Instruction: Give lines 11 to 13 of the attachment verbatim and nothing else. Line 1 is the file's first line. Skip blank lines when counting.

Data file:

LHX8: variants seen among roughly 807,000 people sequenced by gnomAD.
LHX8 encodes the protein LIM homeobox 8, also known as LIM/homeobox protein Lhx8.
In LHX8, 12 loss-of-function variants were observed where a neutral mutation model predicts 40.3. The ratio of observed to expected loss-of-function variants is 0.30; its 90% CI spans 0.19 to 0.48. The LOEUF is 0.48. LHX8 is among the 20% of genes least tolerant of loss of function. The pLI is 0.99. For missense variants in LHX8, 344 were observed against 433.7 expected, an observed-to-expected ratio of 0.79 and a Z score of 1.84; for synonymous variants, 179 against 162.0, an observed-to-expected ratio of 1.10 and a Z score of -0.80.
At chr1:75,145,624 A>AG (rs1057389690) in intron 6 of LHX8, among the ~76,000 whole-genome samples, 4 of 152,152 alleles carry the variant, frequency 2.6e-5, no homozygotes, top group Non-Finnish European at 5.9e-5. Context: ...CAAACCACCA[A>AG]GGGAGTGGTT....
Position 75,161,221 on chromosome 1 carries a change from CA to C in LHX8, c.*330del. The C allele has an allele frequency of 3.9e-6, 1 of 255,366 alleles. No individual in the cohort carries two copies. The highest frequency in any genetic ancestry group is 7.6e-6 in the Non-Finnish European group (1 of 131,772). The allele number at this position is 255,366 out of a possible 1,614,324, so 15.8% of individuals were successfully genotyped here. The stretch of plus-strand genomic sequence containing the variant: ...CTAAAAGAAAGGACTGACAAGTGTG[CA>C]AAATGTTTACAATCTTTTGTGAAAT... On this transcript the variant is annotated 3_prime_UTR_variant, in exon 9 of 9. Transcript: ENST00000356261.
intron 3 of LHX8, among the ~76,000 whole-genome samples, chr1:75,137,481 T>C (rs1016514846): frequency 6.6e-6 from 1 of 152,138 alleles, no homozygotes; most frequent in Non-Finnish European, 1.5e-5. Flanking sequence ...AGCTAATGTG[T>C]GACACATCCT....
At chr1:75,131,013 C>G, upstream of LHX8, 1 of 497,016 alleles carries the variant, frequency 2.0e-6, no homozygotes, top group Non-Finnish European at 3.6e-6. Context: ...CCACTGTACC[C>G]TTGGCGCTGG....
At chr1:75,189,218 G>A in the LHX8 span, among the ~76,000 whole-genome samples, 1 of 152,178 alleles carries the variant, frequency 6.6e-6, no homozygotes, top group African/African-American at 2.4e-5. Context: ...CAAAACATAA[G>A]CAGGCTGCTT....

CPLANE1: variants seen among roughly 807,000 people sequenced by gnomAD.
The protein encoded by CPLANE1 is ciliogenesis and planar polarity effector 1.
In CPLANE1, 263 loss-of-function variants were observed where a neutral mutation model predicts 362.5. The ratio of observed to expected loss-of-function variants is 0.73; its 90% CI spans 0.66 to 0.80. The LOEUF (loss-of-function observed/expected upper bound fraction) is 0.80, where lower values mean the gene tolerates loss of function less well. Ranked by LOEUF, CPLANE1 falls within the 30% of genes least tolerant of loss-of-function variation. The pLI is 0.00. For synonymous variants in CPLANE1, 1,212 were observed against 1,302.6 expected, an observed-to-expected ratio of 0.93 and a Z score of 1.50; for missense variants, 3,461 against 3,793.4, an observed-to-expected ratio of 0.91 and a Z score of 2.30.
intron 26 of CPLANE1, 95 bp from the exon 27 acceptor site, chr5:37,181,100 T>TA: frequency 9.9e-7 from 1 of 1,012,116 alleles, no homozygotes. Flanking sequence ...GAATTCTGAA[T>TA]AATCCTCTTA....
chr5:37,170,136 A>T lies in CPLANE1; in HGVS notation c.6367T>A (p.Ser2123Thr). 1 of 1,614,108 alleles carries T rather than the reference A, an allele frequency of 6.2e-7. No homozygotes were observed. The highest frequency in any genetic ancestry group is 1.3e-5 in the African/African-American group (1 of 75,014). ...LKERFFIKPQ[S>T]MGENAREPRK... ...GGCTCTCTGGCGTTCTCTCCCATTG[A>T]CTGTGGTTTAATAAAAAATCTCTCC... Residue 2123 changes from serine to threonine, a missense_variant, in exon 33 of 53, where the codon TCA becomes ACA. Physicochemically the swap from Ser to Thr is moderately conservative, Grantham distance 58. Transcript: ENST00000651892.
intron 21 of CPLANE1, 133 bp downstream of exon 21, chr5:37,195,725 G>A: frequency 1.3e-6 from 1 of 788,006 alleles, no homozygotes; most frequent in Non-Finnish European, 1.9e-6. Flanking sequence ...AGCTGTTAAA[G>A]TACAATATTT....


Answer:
In CPLANE1, 263 loss-of-function variants were observed where a neutral mutation model predicts 362.5. The ratio of observed to expected loss-of-function variants is 0.73; its 90% CI spans 0.66 to 0.80. The LOEUF (loss-of-function observed/expected upper bound fraction) is 0.80, where lower values mean the gene tolerates loss of function less well. Ranked by LOEUF, CPLANE1 falls within the 30% of genes least tolerant of loss-of-function variation. The pLI is 0.00. For synonymous variants in CPLANE1, 1,212 were observed against 1,302.6 expected, an observed-to-expected ratio of 0.93 and a Z score of 1.50; for missense variants, 3,461 against 3,793.4, an observed-to-expected ratio of 0.91 and a Z score of 2.30.
intron 26 of CPLANE1, 95 bp from the exon 27 acceptor site, chr5:37,181,100 T>TA: frequency 9.9e-7 from 1 of 1,012,116 alleles, no homozygotes. Flanking sequence ...GAATTCTGAA[T>TA]AATCCTCTTA....
chr5:37,170,136 A>T lies in CPLANE1; in HGVS notation c.6367T>A (p.Ser2123Thr). 1 of 1,614,108 alleles carries T rather than the reference A, an allele frequency of 6.2e-7. No homozygotes were observed. The highest frequency in any genetic ancestry group is 1.3e-5 in the African/African-American group (1 of 75,014). ...LKERFFIKPQ[S>T]MGENAREPRK... ...GGCTCTCTGGCGTTCTCTCCCATTG[A>T]CTGTGGTTTAATAAAAAATCTCTCC... Residue 2123 changes from serine to threonine, a missense_variant, in exon 33 of 53, where the codon TCA becomes ACA. Physicochemically the swap from Ser to Thr is moderately conservative, Grantham distance 58. Transcript: ENST00000651892.